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Taxes in Turkey: a complete guide for individuals and companies

In Turkey, individuals pay an income tax on a progressive scale of 15 to 40% and are entitled to tax deductions.

Companies do not pay a corporate tax if registered in one of Turkey’s eighteen economic free zones. There are also reduced VAT rates of 1 and 8%.

Taxes in Türkiye: a full guide

Who pays Turkish taxes?

The residency criterion is the key point for taxes in Turkey. Residents are taxed on their global income, whereas non-residents are taxed on Turkish-sourced earnings only.

Tax residents. Individuals become Turkish tax residents if they reside in Turkey for more than six months in one calendar year. But there are some exceptions. Foreigners who stay in Turkey for six months or more for employment, business, study, or treatment are treated as tax non-residents.

Companies become Turkish tax residents if their registered head office is in Turkey or the centre of all their business transactions is in Turkey.

Tax non-residents can be individuals who spend less than six months in one calendar year in Turkey and get income from Turkey. Legal entities are also considered non‑residents if their income source is in Turkey, but their head office is registered in another country.

Taxes for individuals

There are no national wealth taxes in Turkey. However, Turkish tax residents and non‑residents pay the following types of taxes:

  • a personal income tax;
  • social security contributions;
  • unemployment insurance;
  • dividends and interests tax;
  • inheritance and gift taxes.

Personal income tax (PIT) is the central tax for individuals in Turkey and is regulated by Law No.193, Official Gazette No. 10700 dated 06.01.1961. 

PIT is levied on different types of individual income: from employment to nonrecurring income.

Subjects to income tax in Turkey

Income tax basisExamples
Income from business activities
Commercial or industrial activities with permanent establishments or representatives in Turkey and income must result from business carried out in this permanent establishment or through such representatives.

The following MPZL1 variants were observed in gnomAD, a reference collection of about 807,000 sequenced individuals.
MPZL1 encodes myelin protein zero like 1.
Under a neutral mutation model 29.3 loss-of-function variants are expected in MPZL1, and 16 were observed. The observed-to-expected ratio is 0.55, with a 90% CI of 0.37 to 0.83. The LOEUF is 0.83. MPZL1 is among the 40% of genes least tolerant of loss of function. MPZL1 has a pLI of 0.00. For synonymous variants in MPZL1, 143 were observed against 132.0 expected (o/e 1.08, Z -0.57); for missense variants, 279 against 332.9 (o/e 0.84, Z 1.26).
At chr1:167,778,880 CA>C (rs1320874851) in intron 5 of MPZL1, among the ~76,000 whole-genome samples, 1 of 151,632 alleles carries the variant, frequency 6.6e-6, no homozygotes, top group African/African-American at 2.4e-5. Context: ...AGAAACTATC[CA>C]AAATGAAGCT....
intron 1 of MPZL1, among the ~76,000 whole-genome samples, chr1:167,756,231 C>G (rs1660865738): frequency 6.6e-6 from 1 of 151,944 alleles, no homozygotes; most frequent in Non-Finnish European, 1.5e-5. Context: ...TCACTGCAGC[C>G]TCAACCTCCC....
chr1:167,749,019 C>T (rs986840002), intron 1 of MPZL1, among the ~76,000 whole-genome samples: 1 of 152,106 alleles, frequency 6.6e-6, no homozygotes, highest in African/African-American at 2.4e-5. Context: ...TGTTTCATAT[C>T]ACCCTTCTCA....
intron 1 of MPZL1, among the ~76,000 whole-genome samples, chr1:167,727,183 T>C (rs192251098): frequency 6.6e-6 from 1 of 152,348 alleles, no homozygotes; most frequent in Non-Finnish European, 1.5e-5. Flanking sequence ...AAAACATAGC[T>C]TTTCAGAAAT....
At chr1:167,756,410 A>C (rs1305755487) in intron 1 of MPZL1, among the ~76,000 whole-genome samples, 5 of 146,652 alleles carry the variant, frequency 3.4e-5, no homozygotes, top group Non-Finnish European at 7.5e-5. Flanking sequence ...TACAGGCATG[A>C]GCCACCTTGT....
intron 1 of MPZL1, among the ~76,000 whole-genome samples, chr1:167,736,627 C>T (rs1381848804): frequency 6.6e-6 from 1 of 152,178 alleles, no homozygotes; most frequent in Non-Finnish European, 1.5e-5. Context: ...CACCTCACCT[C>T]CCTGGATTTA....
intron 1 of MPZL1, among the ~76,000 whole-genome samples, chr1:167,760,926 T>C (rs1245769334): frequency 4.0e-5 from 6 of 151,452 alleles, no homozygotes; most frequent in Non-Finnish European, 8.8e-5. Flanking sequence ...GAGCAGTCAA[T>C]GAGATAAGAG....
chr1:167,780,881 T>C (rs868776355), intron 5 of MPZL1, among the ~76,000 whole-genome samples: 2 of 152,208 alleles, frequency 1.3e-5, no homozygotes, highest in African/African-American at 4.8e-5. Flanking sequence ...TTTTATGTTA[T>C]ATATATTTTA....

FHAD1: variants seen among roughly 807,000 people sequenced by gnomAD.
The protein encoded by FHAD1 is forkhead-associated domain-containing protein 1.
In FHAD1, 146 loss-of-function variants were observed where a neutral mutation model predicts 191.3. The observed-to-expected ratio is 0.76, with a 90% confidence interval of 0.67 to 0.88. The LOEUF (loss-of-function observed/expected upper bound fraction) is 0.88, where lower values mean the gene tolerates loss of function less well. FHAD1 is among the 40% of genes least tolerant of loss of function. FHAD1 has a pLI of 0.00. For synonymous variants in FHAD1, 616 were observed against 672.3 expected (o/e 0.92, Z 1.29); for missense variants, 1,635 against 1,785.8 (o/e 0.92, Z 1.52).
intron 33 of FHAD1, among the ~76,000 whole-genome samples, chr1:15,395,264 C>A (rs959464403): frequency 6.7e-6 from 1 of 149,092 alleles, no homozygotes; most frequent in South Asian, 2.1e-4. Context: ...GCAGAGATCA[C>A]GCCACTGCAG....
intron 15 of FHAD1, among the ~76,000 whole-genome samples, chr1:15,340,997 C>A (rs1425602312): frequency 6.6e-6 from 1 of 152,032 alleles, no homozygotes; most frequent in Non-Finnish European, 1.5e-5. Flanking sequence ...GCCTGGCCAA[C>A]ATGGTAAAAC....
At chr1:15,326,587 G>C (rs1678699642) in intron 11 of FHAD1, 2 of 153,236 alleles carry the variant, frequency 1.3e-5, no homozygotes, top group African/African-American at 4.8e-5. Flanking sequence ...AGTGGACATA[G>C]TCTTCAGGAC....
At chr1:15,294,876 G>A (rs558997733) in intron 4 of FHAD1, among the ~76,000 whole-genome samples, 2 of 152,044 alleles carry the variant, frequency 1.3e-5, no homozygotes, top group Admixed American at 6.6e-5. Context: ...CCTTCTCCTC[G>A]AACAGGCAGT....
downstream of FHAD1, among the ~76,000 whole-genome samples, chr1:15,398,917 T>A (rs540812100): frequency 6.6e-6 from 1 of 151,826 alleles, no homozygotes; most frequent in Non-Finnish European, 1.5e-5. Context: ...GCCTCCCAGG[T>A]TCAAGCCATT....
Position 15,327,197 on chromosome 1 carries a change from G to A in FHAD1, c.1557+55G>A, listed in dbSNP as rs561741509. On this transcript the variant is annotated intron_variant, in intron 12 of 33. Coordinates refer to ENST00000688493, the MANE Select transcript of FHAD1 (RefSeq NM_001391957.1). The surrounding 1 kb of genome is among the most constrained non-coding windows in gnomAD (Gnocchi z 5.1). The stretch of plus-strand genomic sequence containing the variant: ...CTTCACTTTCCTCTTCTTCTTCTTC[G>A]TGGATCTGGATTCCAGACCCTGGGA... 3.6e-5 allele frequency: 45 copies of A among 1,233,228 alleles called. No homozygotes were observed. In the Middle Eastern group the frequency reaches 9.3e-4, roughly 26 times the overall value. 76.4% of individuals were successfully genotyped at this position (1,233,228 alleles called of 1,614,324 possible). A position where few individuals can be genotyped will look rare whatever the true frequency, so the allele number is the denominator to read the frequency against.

Business in selling goods, services, food or in transportation, manufacturing, production, etc
Agricultural profitsIncome derived from agricultural activities such as activities performed on land, sea, lakes and rivers in the forms of cultivating, planting, breeding, fishing, hunting, etc. For example, farmers
Salaries and wagesAll types of salaries, where there is an employer-employee relationship
PensionsRetirement, disability, widow and orphan pensions
Independent personal services’ incomeAll kinds of self-employment activities. For example, freelance writers
Immovable property and rights’ incomeBuildings

Permanent leasehold rights


Mines and quarries

Ships, boats, aircraft, and other types of vehicles

Machinery, installations and their attachments

Patent rights


Trade mark, brand, trade name

All technical drawings, design, model, plan, cinema and television films, sound and image tapesInformation acquired in the fields of industry, commerce and science

Secret formula or production method
Capital investmentThe interest, dividends, rent and similar revenues
Non-recurrent incomeIncome derived from execution of commercial transactions or from acting as an intermediary for such transactions on occasionIncome received in return for stopping or vacating an activity of a commercial

Agricultural enterprise or independent professional service and in return for not bidding for contractsIncome received in return for transferring leasehold rights or for evacuating leased immovable propertyIncome received in return for independent professional services rendered on the occasion